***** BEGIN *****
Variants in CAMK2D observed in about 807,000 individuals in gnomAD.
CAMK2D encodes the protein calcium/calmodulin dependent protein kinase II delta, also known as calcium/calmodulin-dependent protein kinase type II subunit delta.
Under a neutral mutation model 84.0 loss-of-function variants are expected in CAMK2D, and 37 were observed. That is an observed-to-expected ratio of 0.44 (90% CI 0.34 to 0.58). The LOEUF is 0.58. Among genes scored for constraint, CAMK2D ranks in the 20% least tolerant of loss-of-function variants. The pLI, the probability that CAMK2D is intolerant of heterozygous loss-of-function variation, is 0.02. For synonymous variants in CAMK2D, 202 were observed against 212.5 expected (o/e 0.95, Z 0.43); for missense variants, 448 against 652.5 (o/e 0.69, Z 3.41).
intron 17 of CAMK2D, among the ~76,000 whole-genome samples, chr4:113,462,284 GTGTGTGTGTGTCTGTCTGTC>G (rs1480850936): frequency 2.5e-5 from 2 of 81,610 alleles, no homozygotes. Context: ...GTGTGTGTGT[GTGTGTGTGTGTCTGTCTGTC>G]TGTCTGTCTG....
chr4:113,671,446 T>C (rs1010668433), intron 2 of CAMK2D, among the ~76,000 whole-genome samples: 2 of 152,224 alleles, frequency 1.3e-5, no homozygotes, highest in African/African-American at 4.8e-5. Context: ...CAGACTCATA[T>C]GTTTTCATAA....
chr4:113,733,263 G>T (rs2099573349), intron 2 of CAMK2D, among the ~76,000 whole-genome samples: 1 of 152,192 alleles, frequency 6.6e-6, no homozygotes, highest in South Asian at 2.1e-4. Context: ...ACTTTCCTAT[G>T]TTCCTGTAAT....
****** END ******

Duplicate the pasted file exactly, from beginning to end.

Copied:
Variants in CAMK2D observed in about 807,000 individuals in gnomAD.
CAMK2D encodes the protein calcium/calmodulin dependent protein kinase II delta, also known as calcium/calmodulin-dependent protein kinase type II subunit delta.
Under a neutral mutation model 84.0 loss-of-function variants are expected in CAMK2D, and 37 were observed. That is an observed-to-expected ratio of 0.44 (90% CI 0.34 to 0.58). The LOEUF is 0.58. Among genes scored for constraint, CAMK2D ranks in the 20% least tolerant of loss-of-function variants. The pLI, the probability that CAMK2D is intolerant of heterozygous loss-of-function variation, is 0.02. For synonymous variants in CAMK2D, 202 were observed against 212.5 expected (o/e 0.95, Z 0.43); for missense variants, 448 against 652.5 (o/e 0.69, Z 3.41).
intron 17 of CAMK2D, among the ~76,000 whole-genome samples, chr4:113,462,284 GTGTGTGTGTGTCTGTCTGTC>G (rs1480850936): frequency 2.5e-5 from 2 of 81,610 alleles, no homozygotes. Context: ...GTGTGTGTGT[GTGTGTGTGTGTCTGTCTGTC>G]TGTCTGTCTG....
chr4:113,671,446 T>C (rs1010668433), intron 2 of CAMK2D, among the ~76,000 whole-genome samples: 2 of 152,224 alleles, frequency 1.3e-5, no homozygotes, highest in African/African-American at 4.8e-5. Context: ...CAGACTCATA[T>C]GTTTTCATAA....
chr4:113,733,263 G>T (rs2099573349), intron 2 of CAMK2D, among the ~76,000 whole-genome samples: 1 of 152,192 alleles, frequency 6.6e-6, no homozygotes, highest in South Asian at 2.1e-4. Context: ...ACTTTCCTAT[G>T]TTCCTGTAAT....